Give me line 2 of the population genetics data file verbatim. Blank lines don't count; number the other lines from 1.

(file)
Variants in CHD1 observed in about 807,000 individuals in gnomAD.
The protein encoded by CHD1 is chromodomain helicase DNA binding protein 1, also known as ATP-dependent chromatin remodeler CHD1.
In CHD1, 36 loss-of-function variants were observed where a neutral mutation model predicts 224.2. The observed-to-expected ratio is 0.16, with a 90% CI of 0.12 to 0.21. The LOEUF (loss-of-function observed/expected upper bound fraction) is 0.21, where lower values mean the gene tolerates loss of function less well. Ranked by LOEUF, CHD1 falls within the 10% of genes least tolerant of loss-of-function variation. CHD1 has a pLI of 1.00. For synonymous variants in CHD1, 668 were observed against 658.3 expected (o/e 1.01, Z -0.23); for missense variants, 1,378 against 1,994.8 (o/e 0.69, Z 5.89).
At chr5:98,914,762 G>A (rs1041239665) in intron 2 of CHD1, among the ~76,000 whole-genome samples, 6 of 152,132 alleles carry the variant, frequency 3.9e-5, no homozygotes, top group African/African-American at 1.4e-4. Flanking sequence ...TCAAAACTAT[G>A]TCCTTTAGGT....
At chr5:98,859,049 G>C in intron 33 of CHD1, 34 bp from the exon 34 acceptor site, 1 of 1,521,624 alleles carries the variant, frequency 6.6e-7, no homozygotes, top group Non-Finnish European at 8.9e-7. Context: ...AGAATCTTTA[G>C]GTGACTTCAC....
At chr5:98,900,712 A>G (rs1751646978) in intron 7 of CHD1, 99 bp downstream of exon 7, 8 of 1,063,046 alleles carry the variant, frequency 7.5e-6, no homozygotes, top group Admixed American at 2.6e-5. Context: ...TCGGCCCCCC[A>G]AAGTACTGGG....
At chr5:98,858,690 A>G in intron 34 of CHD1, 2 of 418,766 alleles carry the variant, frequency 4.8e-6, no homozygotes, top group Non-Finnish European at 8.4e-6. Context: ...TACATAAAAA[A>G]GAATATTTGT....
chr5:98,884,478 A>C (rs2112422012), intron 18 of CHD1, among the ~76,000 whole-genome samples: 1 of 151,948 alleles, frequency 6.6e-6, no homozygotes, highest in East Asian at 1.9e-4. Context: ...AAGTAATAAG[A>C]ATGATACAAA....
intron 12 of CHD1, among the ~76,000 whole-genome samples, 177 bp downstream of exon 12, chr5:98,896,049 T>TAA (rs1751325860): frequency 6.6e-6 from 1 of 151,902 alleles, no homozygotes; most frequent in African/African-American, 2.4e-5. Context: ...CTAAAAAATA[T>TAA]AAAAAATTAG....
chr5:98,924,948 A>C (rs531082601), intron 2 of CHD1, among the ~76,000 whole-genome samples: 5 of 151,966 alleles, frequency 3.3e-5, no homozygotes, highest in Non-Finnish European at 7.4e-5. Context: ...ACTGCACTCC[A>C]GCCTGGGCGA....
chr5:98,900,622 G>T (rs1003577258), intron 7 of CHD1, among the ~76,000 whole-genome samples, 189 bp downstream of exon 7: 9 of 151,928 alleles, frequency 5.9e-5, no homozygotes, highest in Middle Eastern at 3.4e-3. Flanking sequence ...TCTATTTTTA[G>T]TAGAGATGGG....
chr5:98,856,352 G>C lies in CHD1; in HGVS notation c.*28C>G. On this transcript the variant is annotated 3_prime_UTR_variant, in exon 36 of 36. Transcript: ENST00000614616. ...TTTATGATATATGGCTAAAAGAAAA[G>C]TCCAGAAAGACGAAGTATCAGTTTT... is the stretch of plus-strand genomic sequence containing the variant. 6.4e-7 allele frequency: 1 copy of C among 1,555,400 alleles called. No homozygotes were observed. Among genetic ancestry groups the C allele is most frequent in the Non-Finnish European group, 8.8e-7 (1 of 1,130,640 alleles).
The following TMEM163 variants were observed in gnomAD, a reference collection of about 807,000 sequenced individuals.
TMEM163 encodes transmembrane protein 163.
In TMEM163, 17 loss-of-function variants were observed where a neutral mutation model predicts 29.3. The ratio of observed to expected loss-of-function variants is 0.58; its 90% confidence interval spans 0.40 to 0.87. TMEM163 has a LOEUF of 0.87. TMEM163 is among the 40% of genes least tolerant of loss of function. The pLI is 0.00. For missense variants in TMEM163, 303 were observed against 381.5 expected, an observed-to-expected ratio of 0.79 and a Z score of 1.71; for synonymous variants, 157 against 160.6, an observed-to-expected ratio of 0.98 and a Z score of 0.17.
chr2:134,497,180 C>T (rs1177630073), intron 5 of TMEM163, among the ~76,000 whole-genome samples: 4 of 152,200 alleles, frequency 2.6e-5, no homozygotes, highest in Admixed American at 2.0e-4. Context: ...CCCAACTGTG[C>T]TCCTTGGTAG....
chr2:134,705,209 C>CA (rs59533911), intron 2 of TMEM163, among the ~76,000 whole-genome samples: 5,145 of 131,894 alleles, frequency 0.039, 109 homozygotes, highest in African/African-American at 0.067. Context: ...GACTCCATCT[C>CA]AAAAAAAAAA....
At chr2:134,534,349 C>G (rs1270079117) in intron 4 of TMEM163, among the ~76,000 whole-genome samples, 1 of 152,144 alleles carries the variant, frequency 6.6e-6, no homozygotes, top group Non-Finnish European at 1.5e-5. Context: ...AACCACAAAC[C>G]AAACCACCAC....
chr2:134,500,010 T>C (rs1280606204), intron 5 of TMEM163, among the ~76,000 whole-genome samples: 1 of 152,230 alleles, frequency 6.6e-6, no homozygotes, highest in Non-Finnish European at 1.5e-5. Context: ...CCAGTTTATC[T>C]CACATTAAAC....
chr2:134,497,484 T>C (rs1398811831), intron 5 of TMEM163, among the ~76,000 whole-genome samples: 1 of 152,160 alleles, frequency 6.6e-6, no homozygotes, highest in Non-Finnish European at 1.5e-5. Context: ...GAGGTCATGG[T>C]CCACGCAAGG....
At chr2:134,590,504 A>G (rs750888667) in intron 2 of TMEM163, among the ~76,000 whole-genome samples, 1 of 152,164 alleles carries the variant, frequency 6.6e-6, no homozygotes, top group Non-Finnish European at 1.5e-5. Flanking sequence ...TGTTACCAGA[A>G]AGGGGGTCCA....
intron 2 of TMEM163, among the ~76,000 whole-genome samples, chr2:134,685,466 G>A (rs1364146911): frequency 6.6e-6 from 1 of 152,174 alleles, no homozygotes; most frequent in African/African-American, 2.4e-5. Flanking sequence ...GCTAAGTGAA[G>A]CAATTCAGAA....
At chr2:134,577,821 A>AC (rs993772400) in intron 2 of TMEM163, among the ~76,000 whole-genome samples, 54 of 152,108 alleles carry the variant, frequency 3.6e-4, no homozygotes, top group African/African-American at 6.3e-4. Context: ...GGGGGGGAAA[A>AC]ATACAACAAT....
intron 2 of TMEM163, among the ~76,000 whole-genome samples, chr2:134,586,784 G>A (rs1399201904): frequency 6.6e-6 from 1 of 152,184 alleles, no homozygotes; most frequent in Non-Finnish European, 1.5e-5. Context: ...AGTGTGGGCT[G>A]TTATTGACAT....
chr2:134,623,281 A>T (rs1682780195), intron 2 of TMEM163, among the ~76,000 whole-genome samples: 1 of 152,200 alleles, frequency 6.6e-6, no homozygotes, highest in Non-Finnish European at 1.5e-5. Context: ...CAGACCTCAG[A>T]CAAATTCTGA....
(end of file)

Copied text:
The protein encoded by CHD1 is chromodomain helicase DNA binding protein 1, also known as ATP-dependent chromatin remodeler CHD1.